There are several reasons for the usually high levels of rejected ballots in the election. One primary reason is that both the regional and constituency ballots were placed on a single sheet of paper. A large-type instruction at the top indicated "you have two votes." Being told that they had two votes, far too many voters used both votes on parties in the regional list.[25] Although a rough template of the ballot was provided to voters by VoteScotland prior to the election, many ballots in reality had subtle yet consequential differences. Taking the ballot from Glasgow Shettleston for example, although its layout is similar to the sample ballot it has many more parties on the regional ballot, giving the illusion that the list continues onto the next side (constituency ballot). Furthermore, instructions provided to voters using these sheets were abbreviated. While the brief written instructions remained, they were presented in a much smaller font size. The column headings moved above the bold lines defining the columns and the visual prompt of the split arrow leading to the two columns is completely missing.[26] This misleading ballot was made more complicated by two additional features of the balloting: several small parties like the Green Party ran one or fewer candidates in the constituency seats and parties were able to choose to put the name of their leader instead of the name of the party in the label for the list seats. (For example, the SNP was listed as "Alex Salmond for First Minister", rather than the party name) Such poor ballot design decisions contributed to a similarly higher rate of spoiled ballots in the 2000 United States presidential election in areas of Florida such as Miami-Dade and Duval counties.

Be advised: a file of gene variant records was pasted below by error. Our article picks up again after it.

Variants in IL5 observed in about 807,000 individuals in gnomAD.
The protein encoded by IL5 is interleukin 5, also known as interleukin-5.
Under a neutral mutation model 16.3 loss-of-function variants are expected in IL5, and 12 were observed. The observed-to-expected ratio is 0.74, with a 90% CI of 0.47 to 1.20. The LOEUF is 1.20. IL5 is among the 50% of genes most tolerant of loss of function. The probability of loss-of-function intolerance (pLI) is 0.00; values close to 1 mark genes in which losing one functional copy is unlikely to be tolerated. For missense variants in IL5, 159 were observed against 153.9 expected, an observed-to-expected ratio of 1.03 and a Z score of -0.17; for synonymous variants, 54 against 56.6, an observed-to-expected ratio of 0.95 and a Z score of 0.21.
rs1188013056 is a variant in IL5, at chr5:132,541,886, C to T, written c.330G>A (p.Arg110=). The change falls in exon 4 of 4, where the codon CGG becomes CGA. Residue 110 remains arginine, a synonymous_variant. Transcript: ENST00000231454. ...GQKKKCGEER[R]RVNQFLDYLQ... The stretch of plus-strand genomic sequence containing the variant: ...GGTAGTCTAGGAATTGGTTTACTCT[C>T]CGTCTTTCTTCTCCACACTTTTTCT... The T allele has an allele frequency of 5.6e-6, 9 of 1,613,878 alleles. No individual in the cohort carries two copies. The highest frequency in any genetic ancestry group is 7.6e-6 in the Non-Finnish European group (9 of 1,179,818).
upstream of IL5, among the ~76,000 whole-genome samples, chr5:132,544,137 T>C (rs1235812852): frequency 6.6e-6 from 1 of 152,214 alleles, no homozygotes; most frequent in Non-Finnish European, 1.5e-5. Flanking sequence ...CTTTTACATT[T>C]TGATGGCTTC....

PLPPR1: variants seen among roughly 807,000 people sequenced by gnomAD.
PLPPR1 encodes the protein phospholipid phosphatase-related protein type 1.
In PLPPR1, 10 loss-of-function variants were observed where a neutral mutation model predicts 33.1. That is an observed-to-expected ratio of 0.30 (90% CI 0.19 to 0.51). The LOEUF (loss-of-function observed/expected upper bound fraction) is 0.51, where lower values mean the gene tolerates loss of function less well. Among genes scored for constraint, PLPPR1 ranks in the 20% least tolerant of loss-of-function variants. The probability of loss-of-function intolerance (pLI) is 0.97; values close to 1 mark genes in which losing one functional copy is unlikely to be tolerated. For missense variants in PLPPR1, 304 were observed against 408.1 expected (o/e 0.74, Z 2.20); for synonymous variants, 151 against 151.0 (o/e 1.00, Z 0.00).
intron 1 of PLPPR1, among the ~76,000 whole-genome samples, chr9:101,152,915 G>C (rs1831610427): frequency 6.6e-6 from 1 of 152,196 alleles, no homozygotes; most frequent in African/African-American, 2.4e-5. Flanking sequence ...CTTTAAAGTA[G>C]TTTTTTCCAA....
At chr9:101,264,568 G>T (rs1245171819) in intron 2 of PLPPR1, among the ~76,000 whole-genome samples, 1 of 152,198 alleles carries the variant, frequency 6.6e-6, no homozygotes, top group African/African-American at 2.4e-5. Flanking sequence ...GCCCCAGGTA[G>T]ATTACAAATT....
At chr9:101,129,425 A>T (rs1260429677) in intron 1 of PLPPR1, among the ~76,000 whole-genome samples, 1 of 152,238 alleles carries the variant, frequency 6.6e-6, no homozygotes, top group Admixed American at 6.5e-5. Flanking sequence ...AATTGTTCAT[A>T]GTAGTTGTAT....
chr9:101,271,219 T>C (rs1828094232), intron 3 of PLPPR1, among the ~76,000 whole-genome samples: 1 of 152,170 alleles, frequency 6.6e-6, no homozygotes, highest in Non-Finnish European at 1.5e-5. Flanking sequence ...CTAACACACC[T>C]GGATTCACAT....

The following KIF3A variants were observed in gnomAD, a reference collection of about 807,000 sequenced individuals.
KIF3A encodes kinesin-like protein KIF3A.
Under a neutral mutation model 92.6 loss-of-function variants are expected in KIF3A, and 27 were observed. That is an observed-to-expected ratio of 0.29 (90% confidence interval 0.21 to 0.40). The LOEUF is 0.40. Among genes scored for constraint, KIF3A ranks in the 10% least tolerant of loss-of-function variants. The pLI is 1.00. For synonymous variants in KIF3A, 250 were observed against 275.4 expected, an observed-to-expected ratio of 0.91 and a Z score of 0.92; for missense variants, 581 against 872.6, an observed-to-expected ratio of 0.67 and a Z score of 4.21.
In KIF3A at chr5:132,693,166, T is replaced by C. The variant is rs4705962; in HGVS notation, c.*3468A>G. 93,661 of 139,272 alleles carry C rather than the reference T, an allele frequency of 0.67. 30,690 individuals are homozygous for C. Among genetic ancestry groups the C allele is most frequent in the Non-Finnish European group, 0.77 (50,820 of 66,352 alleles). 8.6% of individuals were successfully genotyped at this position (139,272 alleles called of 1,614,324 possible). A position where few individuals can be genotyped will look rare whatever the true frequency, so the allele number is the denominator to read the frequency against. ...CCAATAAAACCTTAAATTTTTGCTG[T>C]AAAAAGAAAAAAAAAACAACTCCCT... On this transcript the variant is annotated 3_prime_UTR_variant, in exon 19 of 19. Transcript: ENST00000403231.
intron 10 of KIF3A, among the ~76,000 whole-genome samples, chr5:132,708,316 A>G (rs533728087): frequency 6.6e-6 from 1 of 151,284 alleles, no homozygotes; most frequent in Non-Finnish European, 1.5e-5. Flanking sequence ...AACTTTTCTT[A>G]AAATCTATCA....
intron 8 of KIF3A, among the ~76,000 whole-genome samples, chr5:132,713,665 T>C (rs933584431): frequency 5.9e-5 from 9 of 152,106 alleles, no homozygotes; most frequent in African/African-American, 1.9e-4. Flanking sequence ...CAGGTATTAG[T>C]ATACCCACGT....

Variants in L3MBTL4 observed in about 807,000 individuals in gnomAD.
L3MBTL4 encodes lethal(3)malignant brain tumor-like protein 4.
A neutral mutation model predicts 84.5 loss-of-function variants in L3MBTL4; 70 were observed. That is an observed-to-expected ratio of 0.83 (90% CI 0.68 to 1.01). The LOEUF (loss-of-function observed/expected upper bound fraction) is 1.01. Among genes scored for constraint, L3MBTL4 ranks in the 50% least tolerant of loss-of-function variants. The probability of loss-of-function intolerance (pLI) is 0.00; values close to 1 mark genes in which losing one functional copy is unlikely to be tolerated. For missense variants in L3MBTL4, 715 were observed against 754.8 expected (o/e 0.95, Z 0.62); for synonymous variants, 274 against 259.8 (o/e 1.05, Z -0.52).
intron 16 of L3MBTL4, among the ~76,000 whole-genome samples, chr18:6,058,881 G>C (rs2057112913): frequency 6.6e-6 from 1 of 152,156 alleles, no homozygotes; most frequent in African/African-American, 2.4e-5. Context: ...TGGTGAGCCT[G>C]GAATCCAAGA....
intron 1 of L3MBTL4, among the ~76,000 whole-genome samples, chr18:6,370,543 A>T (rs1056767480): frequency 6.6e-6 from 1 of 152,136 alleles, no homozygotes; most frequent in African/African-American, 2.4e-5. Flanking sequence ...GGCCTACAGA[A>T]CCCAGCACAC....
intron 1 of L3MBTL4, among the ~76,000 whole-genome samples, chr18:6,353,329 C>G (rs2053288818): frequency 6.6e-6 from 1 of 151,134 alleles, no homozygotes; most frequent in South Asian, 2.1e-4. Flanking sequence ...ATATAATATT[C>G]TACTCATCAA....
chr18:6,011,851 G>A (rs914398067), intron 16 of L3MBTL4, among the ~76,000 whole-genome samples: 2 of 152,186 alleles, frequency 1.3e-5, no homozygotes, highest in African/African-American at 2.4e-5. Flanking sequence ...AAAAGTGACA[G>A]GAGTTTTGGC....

Another reason presented was that local elections took place on the same day with a different voting system and different design. Whereas the parliamentary election asked voters to mark a cross, the local council elections asked voters to number/ rank their candidates, as the council elections were under the single transferable vote system. Undercutting this theory, however, was the fact that the invalid rate in the local elections was far lower than the parliamentary elections (although still greater than in previous local elections) despite single transferable vote being a new system for most voters.

A third proposed reason was that this was the first election where electronic counting of papers had taken place. Many blamed e-counting for the increase in rejected papers, in part because the new machine counting system abandoned many counts during the early hours of Friday morning before all results had been counted. Furthermore, the primary reason for the regional and constituency ballots being placed on the same sheet of paper is due to restrictions on the size of paper the machines could accurately scan. The main company concerned was DRS Ltd.[27] Nevertheless, nearly all invalid ballots would have been spoiled no matter how they were counted. However, the last minute redesign of ballot papers that was blamed for the high number of rejections in two electoral regions was done to make electronic voting easier.[28]